TheaterMania Logo
Home link

Next to Normal

Alice Ripley delivers a luminous performance in this deeply felt musical about a woman suffering from mental illness and its effects on her family.

Alice Ripley, Aaron Tveit, and J. Robert Spencer
in Next to Normal
(© Joan Marcus)
You may want to bring along some tissues to Tom Kitt and Brian Yorkey's deeply felt musical Next to Normal, currently on view at Broadway's Booth Theatre under the surehanded direction of Michael Greif, as the production takes the audience on an amazing emotional journey that plumbs the depths of despair while also offering a vision of hope. What has evolved from three prior incarnations of the show -- the 2005 New York Musical Theatre Festival version entitled Feeling Electric, the 2008 Off-Broadway production at Second Stage and a more recent revised mounting at Washington D.C.'s Arena Stage -- has resulted in a version of the musical that is simply outstanding.

Next to Normal tackles head-on the issue of mental illness and the treatments that may or may not make things better. Diana (Alice Ripley) suffers from a severe case of bipolar disorder and hallucinogenic episodes as a result of a past trauma, which is revealed midway through the first act. Her husband Dan (J. Robert Spencer) has remained steadfastly by her through the years, shepherding his wife through various doctors, pill regimens, and ultimately electroshock therapy. Also involved are the couple's son Gabe (Aaron Tveit), daughter Natalie (Jennifer Damiano), Natalie's new boyfriend Henry (Adam Chanler-Berat), and the doctors who treat Diana's illness (both portrayed by Louis Hobson).

The show's vibrant score (featuring music by Kitt and lyrics by Yorkey) demonstrates rock, pop, jazz, country, and even classical influences. It retains several terrific numbers from earlier productions, including Natalie's "Superboy and the Invisible Girl," which acutely pinpoints her unhappiness about having to compete unfairly with a brother who seemingly can't do anything wrong; "My Psychopharmacologist and I," Diana's whimsical tune about her drug treatments; and the gorgeous ballad, "I Miss the Mountains," which keenly expresses Diana's yearning to experience the feelings she had when she was not sedated by the drugs she takes; while "A Light in the Dark," sung by Dan to Diana, has been reworked into a very effective first act closer. Among the new songs, "Wish I Were Here," about Diana's electroshock therapy, is a vast improvement over the song it replaced ("Feeling Electric"), while "Maybe" is a poignant and tender tune that deepens the troubled relationship between mother and daughter.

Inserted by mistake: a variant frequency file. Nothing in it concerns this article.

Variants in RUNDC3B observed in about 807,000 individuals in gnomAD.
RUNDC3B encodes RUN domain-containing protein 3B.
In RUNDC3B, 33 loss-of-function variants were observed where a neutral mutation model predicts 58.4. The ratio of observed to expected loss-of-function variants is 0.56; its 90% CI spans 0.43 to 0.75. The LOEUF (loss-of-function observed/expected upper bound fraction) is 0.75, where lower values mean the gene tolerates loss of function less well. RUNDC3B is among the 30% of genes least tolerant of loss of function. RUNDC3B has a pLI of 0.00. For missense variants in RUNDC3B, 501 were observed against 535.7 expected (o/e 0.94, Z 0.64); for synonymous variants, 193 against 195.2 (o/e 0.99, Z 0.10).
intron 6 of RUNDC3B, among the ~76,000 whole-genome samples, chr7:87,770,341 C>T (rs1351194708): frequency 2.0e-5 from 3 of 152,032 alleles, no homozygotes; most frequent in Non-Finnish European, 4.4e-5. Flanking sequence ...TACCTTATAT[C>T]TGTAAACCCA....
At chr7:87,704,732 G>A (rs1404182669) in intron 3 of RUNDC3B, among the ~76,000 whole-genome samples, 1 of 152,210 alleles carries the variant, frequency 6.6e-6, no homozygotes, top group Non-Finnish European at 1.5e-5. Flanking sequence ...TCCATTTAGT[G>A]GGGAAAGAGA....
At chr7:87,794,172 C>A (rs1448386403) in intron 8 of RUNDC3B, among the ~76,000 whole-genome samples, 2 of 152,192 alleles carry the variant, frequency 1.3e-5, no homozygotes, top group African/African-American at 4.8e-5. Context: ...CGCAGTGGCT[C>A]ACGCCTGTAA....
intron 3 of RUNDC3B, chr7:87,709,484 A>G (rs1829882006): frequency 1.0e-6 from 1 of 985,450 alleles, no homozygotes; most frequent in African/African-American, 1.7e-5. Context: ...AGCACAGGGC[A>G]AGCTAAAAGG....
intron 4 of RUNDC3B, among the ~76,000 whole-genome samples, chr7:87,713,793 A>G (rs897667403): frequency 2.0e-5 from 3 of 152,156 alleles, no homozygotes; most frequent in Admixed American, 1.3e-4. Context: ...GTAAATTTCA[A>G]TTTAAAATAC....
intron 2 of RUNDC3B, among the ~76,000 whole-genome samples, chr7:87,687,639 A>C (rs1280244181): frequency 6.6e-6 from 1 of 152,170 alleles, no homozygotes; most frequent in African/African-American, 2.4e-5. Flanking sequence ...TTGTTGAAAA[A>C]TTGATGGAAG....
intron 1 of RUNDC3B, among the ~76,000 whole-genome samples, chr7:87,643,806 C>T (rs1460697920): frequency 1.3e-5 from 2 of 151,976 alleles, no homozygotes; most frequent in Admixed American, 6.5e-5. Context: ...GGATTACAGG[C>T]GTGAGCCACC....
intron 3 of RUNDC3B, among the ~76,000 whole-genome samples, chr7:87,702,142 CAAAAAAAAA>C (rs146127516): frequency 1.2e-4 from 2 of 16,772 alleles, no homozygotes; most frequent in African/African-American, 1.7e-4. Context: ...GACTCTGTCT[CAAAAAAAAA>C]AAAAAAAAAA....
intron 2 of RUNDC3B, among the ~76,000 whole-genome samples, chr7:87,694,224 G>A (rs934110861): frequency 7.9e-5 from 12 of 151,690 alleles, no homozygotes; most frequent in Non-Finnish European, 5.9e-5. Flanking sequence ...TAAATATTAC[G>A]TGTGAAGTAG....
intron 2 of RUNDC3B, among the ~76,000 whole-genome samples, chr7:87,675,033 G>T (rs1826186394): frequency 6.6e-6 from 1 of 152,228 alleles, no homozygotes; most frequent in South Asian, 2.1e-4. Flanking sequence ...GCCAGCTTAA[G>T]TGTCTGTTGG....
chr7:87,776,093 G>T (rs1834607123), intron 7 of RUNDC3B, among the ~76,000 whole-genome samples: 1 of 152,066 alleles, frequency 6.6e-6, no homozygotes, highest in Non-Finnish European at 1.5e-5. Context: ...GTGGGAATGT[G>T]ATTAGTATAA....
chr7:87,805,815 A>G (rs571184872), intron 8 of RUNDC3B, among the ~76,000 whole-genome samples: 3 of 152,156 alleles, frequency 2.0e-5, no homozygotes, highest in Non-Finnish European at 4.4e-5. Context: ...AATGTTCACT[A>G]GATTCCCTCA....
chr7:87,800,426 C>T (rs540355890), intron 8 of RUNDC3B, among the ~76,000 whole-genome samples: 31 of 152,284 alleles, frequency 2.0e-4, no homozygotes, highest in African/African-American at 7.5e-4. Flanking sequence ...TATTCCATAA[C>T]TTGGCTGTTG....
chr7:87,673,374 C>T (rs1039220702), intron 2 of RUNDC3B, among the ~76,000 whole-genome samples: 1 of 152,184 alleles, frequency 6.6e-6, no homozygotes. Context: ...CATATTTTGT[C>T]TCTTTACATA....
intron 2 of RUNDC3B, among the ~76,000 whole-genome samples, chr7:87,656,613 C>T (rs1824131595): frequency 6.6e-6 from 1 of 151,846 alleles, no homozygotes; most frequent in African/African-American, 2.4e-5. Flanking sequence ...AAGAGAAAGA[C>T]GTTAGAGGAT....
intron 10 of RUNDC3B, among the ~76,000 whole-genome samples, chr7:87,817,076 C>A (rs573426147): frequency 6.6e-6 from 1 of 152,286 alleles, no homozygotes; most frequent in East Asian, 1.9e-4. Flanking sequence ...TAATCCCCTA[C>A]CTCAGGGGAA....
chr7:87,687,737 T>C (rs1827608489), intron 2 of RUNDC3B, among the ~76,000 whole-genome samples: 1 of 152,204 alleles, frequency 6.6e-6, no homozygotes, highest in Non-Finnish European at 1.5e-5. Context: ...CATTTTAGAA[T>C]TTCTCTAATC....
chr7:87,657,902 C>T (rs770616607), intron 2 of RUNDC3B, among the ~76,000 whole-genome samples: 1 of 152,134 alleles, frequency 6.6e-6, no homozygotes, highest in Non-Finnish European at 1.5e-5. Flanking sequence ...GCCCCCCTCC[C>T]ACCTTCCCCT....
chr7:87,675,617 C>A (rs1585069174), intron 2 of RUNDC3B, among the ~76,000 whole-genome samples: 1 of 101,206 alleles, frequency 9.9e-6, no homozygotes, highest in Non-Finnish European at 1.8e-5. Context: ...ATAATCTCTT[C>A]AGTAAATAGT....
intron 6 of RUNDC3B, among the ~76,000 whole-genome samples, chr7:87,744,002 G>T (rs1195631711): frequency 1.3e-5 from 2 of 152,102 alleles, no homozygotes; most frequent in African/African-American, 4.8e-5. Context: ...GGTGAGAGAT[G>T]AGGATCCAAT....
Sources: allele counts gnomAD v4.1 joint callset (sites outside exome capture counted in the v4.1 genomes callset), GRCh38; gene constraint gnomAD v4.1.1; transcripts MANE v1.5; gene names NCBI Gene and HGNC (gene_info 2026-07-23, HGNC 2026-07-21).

The production is blessed by a luminous performance from Ripley, who wrings out both the humor and tragedy of her role, while sounding terrific in each and every one of her songs. Spencer, who joined the cast during its Arena leg, presents an appropriately bland persona in the first act, and then slowly reveals the emotional damage that Dan has also suffered over the years -- and the reprise of "I Am the One," sung between Dan and Gabe towards the end of the musical, remains the most devastating moment in the show.

Tveit has a vibrant presence that shines in songs such as the anthem, "I'm Alive," and a sweet tenor that slips easily into a haunting falsetto. Damiano and Chanler-Berat have grown into their performances, and the Natalie and Henry romance now registers as a moving counterpoint to Diana and Dan's relationship. Hobson, who also joined the company at Arena, is effective as the doctors, and particularly quite funny in the moments when Diana imagines his character as a rock star.

Fans of Next to Normal may still miss certain elements from prior incarnations of the show -- for example, one of my favorite songs in the score, "Growing Up Unstable," has been excised -- but by and large, the changes have made an already dynamic and exciting musical even better.